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How to Talk to Seniors About Social Distancing & COVID-19
The novel coronavirus can infect anyone, but studies show that older adults—ages 60 and older—are more likely to get seriously sick from it. Like many of us, seniors are also trying to navigate and understand all the recommendations for wearing cloth masks in public places, washing hands frequently, maintaining a 6-foot distance from others, and more.
While older adults are at higher risk for severe illness from COVID-19, unfortunately, we’re learning that many aren’t taking social distancing and health directives seriously. This generation has lived through many significant threats during their lifetimes—the Cold War, the possibility of nuclear attacks, and more. They may feel that worst-case scenarios did not happen to the country then, and these experiences impact the way they feel now.
If you’re struggling with a senior loved one who’s resisting the Center for Disease Control and Prevention (CDC)’s guidelines for social distancing and other coronavirus precautions, here are a few tips for having effective, respectful conversations with them. Together, you can navigate the new and important conversations necessary to keep them healthy and safe.
Communicate with love, not with control.
Your message should be loud and clear—you are not bringing these conversations up because you want to control or take away their independence. You are doing it because you love and care for them and want them to be around for many more years. Explain how you plan to facilitate and support their social distancing to protect them and keep them healthy and safe. This might include making sure their pantries are well-stocked or arranging for medication deliveries or drop-offs at home.
Your loved one’s fear and anxiety can feel overwhelming right now and cause strong emotions, as may yours. What’s more, they may feel extremely isolated if they live alone. Sometimes just listening is enough to let them know you care and mean well.
Ask questions, and try to understand how they’re feeling.
Do you find yourself arguing with your senior loved ones about what’s safe for them to do? Are they insisting on doing something, even though it puts them at higher risk for infection? Listen carefully, ask questions, and try to understand their motivation. When you have all the information, suggest ways to compromise. For example, if they insist on going to the grocery store because they don’t want to impose on you or anyone else, suggest a grocery delivery option or curbside pickup, if available in your area, or recommend they go during special hours for older shoppers.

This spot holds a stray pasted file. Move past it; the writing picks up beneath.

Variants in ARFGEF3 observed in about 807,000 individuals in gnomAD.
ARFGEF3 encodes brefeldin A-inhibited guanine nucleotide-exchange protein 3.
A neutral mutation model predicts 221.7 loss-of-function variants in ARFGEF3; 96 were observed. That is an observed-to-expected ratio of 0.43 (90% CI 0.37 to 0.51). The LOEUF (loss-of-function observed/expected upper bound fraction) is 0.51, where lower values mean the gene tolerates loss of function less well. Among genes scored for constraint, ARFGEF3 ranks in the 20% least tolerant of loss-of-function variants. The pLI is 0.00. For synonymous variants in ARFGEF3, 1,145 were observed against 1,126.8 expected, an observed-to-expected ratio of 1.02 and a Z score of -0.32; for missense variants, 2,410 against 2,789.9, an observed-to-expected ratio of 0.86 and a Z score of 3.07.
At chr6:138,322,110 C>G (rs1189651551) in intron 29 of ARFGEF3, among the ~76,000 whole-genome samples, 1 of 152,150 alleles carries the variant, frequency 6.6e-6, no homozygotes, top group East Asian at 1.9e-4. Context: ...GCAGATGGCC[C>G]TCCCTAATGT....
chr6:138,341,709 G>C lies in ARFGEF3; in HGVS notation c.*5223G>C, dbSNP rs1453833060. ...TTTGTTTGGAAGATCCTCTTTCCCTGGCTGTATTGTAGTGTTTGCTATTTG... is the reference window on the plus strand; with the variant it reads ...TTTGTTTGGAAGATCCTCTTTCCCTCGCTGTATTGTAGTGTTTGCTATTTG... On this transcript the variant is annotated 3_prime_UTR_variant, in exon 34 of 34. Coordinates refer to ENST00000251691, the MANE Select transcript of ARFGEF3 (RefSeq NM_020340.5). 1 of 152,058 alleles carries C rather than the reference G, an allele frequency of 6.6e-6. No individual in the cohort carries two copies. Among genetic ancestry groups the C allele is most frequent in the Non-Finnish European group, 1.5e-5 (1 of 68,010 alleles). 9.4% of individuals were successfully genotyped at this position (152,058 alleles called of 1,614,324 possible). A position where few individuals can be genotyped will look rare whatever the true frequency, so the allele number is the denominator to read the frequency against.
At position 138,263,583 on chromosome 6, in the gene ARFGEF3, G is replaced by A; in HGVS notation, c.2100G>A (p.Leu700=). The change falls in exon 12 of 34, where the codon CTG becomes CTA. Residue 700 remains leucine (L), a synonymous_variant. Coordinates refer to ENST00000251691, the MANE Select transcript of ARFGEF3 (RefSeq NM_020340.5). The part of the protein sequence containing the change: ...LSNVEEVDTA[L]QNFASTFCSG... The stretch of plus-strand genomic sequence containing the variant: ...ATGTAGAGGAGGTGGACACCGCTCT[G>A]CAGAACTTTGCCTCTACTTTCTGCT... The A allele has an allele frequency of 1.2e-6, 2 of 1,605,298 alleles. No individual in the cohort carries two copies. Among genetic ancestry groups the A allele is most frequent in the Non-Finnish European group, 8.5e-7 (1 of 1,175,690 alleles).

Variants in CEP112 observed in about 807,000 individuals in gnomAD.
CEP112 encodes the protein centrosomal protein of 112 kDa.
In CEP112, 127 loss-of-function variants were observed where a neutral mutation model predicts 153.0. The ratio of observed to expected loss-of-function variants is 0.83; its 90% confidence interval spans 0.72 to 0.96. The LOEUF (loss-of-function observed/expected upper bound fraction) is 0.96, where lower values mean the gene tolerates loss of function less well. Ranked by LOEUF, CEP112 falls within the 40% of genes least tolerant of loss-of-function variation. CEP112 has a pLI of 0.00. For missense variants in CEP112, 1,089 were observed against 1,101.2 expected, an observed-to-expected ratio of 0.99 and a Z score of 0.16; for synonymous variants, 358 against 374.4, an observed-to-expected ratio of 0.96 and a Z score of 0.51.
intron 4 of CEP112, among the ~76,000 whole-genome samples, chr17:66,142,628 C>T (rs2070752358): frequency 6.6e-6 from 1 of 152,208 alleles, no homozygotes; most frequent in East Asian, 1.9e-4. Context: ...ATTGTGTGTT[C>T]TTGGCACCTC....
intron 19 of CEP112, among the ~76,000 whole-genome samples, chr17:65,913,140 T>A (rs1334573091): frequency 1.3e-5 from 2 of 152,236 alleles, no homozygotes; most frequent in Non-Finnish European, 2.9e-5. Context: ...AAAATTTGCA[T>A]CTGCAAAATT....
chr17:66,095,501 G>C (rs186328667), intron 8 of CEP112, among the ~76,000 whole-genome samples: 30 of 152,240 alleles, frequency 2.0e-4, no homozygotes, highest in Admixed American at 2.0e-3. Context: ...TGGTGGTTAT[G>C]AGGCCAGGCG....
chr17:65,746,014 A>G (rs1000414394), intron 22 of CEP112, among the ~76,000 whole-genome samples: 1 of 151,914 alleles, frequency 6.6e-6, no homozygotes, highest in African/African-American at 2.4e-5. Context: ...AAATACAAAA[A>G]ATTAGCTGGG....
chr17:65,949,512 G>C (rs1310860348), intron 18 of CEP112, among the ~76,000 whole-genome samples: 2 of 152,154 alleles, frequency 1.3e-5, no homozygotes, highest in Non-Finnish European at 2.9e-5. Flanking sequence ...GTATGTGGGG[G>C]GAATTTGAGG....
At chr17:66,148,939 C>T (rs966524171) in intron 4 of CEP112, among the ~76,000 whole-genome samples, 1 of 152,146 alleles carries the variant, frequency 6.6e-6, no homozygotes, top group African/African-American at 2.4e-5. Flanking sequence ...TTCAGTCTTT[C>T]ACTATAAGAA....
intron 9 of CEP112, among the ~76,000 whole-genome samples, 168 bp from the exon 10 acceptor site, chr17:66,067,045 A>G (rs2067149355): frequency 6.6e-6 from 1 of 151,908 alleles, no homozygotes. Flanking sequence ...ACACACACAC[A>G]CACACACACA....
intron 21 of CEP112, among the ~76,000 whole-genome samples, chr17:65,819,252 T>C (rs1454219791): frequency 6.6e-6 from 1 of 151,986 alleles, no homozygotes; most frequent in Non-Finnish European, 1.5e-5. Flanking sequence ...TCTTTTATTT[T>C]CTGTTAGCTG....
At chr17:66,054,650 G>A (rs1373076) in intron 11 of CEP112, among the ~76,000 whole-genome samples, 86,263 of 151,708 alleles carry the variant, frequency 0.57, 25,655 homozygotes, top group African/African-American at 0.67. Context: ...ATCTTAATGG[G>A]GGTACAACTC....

Share trustworthy information and resources.
The COVID-19 facts are startling—after age 70, your risk of dying from COVID-19 infection goes up exponentially from less than 1 percent for younger people to as high as 13 percent for adults in their 70s and 80s. Make sure your parents are getting accurate, science-based information like this from direct and trustworthy sources like the CDC or World Health Organization (WHO). Find out where they are getting their information from, as many sources may have downplayed the gravity of the situation and social media posts and updates are often far from accurate. Encourage them to seek out only evidence-based data.
Provide gentle reminders.
If your loved one has Alzheimer’s disease or other forms of memory loss, they may need extra reminders to stay put. In addition to daily check-in calls and frequent reminders about social distancing and hygiene best practices, consider putting up signs around the house, on the refrigerator or front door, to stay at home.
While gathering in large groups is prohibited right now, completely cutting off seniors from social engagement isn’t healthy either. If your loved one is worried about missing out on friendships and social activities and becoming too isolated, look for opportunities for them to engage virtually instead.
Set up a nightly video chat with friends and family. Try games and apps where you can interact online together, like Scrabble Go or online crossword puzzles. Find concerts or movies that are streaming online, then chat about them afterward together. Encourage them to get out and take a walk or try at-home exercise videos to stay active. The National Institute on Aging’s online program “Go 4 Life” has excellent free exercise videos, a downloadable book, online chat groups, and more.
Determine the best person to have the conversation.
Sometimes seniors still see their adult children as kids. If that’s the case with your loved one, perhaps there’s another adult or trusted messenger they will listen to. Think about other people your parent or loved one is comfortable with and trusts, like a sibling, best friend, or pastor. While you might not be the right person to have difficult conversations with your loved one, there is someone out there who can have a valuable discussion with them about changing habits related to the coronavirus.
Ultimately, even if your senior loved ones do not heed your calls for safety and protection, it’s important to continue to offer them your love, respect, and support. Accept that you can only control your own actions and remain connected, open, and available to your loved ones during these difficult times.